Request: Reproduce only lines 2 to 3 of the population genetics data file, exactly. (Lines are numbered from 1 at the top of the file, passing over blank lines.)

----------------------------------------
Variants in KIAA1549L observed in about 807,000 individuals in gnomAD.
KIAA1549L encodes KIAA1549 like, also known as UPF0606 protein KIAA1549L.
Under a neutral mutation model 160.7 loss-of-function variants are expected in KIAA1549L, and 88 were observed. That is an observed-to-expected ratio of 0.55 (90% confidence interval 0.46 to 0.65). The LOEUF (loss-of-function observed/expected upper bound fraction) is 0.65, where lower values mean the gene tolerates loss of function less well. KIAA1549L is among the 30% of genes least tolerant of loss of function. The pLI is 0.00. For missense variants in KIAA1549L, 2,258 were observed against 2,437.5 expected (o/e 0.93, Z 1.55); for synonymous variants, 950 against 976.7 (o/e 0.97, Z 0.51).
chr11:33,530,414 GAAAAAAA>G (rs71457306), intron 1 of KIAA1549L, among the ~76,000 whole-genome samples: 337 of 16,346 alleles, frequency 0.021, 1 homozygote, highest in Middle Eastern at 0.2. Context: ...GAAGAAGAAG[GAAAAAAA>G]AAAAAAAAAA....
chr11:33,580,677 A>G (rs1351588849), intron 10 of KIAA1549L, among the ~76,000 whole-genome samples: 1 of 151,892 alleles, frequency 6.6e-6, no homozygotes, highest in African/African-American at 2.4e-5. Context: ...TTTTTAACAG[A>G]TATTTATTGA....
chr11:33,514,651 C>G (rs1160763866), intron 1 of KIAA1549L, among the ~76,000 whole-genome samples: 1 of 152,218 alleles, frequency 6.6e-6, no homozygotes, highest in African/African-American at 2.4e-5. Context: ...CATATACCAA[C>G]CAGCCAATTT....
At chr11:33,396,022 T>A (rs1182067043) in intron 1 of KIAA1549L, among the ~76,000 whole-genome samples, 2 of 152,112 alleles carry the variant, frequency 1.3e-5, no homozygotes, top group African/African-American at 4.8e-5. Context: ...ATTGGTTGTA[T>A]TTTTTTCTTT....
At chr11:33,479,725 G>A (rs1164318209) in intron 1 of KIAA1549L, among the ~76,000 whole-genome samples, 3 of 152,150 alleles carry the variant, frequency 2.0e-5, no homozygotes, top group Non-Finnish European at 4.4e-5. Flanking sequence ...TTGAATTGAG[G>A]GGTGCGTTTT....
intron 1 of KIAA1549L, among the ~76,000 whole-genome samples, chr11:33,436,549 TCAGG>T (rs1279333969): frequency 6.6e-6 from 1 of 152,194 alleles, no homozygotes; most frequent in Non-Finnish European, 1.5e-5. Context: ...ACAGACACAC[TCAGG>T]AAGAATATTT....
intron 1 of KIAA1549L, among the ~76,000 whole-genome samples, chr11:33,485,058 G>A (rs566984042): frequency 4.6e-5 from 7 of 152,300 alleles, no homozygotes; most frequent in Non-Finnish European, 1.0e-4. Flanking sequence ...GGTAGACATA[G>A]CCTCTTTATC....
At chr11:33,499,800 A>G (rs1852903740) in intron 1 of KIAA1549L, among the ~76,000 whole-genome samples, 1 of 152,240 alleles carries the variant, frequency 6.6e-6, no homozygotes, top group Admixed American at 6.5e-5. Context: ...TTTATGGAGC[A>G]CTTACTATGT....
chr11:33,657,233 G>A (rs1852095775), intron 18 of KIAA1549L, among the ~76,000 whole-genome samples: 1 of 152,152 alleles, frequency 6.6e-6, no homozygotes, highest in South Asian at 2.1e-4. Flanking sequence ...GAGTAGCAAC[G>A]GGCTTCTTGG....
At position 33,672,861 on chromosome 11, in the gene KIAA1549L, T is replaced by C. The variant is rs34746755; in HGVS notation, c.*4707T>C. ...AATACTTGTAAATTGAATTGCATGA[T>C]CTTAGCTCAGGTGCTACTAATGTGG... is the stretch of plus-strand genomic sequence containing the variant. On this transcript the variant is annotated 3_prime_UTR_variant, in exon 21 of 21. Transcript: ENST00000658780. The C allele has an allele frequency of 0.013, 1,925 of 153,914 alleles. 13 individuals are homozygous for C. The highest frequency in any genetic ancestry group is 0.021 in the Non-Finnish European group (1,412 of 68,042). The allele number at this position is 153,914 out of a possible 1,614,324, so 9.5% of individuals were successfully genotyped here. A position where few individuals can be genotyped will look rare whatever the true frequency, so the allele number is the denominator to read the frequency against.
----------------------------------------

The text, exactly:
KIAA1549L encodes KIAA1549 like, also known as UPF0606 protein KIAA1549L.
Under a neutral mutation model 160.7 loss-of-function variants are expected in KIAA1549L, and 88 were observed. That is an observed-to-expected ratio of 0.55 (90% confidence interval 0.46 to 0.65). The LOEUF (loss-of-function observed/expected upper bound fraction) is 0.65, where lower values mean the gene tolerates loss of function less well. KIAA1549L is among the 30% of genes least tolerant of loss of function. The pLI is 0.00. For missense variants in KIAA1549L, 2,258 were observed against 2,437.5 expected (o/e 0.93, Z 1.55); for synonymous variants, 950 against 976.7 (o/e 0.97, Z 0.51).